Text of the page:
The underlying problem is that Kitsis and Horowitz put the need for conflict above the character integrity (and also above the importance of a coherent timeline but that’s another matter). I get it, it’s tv. You need fresh conflict every episode, week after week. But good writers won’t sacrifice their characters for the sake of contrived conflict.
Plot, yes, roll that upside down and inside out. Choices the characters make, sure play with those as long as it’s logical and consistent with the characters. If it’s out of character then don’t do it. At that point, it’s not a clever twist on the character, it’s not really the character at all. And establishing that balance requires knowing the character you’re working with.
Because it isn’t any fun watching the wreckage of characters you love. And (personally) beyond the storytelling choices, I really didn’t like a lot of the casting choices. The single theme threaded through the 5 lessons series is that casting matters. It’s either going to make or break your show and I felt that it broke a lot of Once Upon a Time.
If you’re going to dance in a fairy tale world, you need to know the steps. Whether you follow them or defy them, know what you’re doing enough to still enthrall the audience, to be true to the characters and make it clever and interesting (or at the very least fun!).
Passive Empowered Heroines
It’s an oxymoron, right? How can their heroines be both passive and empowered at the same time? Easy, they talk a good game about being strong and say, “No one saves me but me.”
And then they make choices that undermine their intelligence and capability.
- They feel weak and helpless and make a deal with Rumpelstiltskin. Because if she can’t have the hero save her then she might as well have the villain at least get her out of this mess.
- They utter the 4 worst words in any story. “I had no choice!” is not the mantra of an empowered heroine (and, seriously, one character or another says that every. single. episode.)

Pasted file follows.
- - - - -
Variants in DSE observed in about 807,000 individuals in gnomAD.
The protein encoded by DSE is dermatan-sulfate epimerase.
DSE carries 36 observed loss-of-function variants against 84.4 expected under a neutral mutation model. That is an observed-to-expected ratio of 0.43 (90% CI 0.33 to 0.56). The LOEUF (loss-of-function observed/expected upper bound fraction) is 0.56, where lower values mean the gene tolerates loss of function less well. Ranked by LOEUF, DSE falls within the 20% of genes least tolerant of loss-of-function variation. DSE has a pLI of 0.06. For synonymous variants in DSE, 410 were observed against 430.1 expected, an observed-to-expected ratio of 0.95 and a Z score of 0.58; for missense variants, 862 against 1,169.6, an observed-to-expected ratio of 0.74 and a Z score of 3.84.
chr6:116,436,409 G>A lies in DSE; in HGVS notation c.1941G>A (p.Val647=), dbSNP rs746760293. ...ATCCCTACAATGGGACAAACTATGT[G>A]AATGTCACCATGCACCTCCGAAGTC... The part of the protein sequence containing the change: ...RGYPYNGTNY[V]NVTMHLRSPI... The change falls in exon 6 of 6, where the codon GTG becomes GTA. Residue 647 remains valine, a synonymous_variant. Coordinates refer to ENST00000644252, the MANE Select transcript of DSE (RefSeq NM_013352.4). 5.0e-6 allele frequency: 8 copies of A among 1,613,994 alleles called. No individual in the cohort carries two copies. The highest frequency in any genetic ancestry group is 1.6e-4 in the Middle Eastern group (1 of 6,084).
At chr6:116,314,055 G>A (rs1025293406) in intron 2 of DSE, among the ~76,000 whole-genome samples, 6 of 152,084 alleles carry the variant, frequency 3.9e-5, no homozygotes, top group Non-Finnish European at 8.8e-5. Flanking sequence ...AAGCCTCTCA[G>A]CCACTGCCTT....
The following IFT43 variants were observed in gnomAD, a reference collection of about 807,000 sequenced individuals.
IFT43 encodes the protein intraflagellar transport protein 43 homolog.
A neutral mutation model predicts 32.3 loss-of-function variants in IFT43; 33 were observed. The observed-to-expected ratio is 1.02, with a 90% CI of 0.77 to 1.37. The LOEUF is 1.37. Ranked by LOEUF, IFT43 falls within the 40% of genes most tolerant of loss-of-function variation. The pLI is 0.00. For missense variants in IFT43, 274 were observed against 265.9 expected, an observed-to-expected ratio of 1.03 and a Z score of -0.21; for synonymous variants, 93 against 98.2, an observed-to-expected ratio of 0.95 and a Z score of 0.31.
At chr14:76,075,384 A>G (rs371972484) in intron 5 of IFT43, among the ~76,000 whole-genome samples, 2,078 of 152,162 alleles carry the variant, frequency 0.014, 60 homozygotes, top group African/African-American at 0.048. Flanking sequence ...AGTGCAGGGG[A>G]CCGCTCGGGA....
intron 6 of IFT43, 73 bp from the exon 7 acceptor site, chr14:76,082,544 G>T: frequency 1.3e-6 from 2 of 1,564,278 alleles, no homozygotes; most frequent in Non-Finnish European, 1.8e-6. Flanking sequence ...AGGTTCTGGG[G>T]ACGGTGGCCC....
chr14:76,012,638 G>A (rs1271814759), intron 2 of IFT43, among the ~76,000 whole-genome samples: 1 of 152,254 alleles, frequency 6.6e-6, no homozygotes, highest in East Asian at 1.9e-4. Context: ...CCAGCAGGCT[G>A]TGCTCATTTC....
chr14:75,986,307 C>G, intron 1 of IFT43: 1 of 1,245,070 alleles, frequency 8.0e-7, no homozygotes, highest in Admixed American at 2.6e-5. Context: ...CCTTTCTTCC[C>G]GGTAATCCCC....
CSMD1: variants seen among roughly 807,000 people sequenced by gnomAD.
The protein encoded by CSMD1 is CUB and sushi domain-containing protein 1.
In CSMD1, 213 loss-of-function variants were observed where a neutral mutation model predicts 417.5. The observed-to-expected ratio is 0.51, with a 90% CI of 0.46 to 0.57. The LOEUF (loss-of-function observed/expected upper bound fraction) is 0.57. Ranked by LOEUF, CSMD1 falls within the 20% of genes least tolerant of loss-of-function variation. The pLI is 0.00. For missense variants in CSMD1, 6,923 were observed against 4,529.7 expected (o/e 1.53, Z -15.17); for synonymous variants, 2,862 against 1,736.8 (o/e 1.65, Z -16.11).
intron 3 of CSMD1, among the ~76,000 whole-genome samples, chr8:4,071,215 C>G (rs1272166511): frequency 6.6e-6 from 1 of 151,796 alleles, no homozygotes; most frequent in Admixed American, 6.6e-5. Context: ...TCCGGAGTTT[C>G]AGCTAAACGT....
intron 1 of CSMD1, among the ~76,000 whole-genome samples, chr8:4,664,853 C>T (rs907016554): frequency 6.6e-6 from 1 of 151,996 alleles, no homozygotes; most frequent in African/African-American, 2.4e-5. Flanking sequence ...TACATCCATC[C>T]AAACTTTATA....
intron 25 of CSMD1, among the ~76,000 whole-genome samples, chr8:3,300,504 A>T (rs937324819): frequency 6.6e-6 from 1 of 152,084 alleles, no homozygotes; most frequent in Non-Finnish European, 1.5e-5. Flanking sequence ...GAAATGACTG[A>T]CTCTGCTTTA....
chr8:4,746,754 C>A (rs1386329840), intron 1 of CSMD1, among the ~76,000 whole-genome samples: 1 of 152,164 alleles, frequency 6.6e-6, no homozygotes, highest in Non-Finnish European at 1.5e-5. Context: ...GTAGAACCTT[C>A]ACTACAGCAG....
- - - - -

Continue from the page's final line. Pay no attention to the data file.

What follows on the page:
- They blame someone else for their choices (their mothers quite often or the bad guys or the good guys or anyone else).
Being empowered doesn’t mean you can pick a lock or face down an ogre. It means having the agency to effect your own destiny, making choices that shape the world around you and the story. Therefore, OWN those choices.
It’s rooted in the same problem as the corrupted characters. Kitsis and Horowitz prioritized the need for conflict above all else.
Which (again) creates a contrasting dichotomy in this series – smart, bold, often capable heroines that put themselves into positions of weakness or passivity. Which is bad enough in any story. But worse when it’s stories we know and characters we love but barely recognize.
This likely isn’t a term many are familiar with, but Once Upon a Time is rife with negative control. You see it every time a character makes a choice for someone else because “it’s for your own good.” But really because they don’t trust that other person to make the choice themselves. Because they don’t respect the other character enough to think they can actually make their own choices. And because they need to be in control of the situation and the other character.
Sometimes it’s acknowledged. Usually by Belle when Rumpelstiltskin is controlling her. He’s the villain, that sort of negative control is part of his evil-ness. It’s part of Regina’s Evil Queen traits. And it’s also a consistent part of the Charming family. Snow controls David. David controls Snow. Emma controls everyone.